New BAME report highlights key issues at St Andrews University

A new report, put together by the BAME Students’ Network, has highlighted three key issues at the University of St Andrews.

By Jamie Callaghan
Monday, 5th July 2021, 10:48 am
University of St Andrews.
University of St Andrews.

The three main issues are: the lack of BAME staff/faculty; the need to improve diversity training for matriculating students; and the importance of expanding access and outreach efforts to target BAME areas and demographics.

The network published its first Action Plan Report on July 1, and pledged to work with other student groups as well as university colleagues to help deliver tangible and sustainable change.

Conceived and produced by 20 BAME students at St Andrews, the report has a threefold aim: accepting and presenting the problem, suggesting actions to make a change, and holding university members and others accountable. It covers issues including inclusive curricula, BAME wellbeing and support, access and outreach, community building, mentorship and training.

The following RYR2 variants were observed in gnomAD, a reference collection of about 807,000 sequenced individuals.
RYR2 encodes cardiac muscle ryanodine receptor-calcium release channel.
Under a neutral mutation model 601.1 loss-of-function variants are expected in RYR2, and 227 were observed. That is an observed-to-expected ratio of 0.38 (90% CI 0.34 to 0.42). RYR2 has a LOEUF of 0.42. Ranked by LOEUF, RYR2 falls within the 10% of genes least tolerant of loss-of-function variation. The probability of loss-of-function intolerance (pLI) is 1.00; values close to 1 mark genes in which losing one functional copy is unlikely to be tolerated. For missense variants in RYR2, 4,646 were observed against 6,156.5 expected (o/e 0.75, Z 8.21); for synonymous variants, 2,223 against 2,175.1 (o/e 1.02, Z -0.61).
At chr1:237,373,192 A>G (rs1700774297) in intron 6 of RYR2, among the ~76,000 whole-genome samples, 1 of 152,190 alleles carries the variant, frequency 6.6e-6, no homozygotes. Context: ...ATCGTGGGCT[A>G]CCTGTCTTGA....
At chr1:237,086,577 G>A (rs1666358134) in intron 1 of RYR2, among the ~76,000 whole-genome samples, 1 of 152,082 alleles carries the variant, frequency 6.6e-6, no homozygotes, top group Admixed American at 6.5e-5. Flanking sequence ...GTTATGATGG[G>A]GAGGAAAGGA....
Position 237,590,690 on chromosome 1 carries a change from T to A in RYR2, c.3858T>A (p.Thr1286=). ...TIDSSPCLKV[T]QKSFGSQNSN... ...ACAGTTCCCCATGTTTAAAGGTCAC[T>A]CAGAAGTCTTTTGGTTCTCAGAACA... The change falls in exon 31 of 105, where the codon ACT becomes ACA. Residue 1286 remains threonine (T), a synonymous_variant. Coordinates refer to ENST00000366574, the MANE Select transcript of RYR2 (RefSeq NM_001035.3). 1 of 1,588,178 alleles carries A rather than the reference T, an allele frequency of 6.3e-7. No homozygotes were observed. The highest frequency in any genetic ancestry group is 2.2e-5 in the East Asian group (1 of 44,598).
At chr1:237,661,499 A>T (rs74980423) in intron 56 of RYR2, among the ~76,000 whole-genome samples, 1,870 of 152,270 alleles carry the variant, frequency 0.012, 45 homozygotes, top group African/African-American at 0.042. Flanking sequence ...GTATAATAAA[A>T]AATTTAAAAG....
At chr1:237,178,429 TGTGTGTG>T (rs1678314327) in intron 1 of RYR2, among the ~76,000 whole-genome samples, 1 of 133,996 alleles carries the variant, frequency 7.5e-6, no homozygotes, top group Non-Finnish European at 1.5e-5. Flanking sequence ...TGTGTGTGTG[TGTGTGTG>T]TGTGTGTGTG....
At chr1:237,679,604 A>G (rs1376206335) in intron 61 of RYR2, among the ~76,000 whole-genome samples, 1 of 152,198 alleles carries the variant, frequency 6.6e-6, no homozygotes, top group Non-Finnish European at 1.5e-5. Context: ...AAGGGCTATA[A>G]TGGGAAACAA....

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Currently staff from BAME backgrounds represent around 6.6 per cent of the University of St Andrews workforce. The university has established a Race Equality Working Group which is working to address issues impacting on recruitment, retention, attainment, and towards making organisational changes.

Actions which have been taken also include an audit of inclusive curriculum initiatives currently active across the university, with a focus on race and ethnicity, and the launch of St Andrews’ Staff BAME Network in 2018.

Principal and vice-chancellor, Professor Sally Mapstone said: “This is a comprehensive and especially important piece of work by students who have not only offered rich insights into the lived experience of BAME people at St Andrews, but made considered recommendations about what we, as a community, can and must do to achieve fairness, equality, and diversity.

“I hope that everyone who works or studies at St Andrews will take the time to read this action plan, and consider their own part relative to our collective desire to be the diverse, inclusive, and accountable organisation to which we have committed in our strategic plan. It is a compelling and revealing report, necessarily uncomfortable in places, but positive, forward-looking and already driving lasting change.”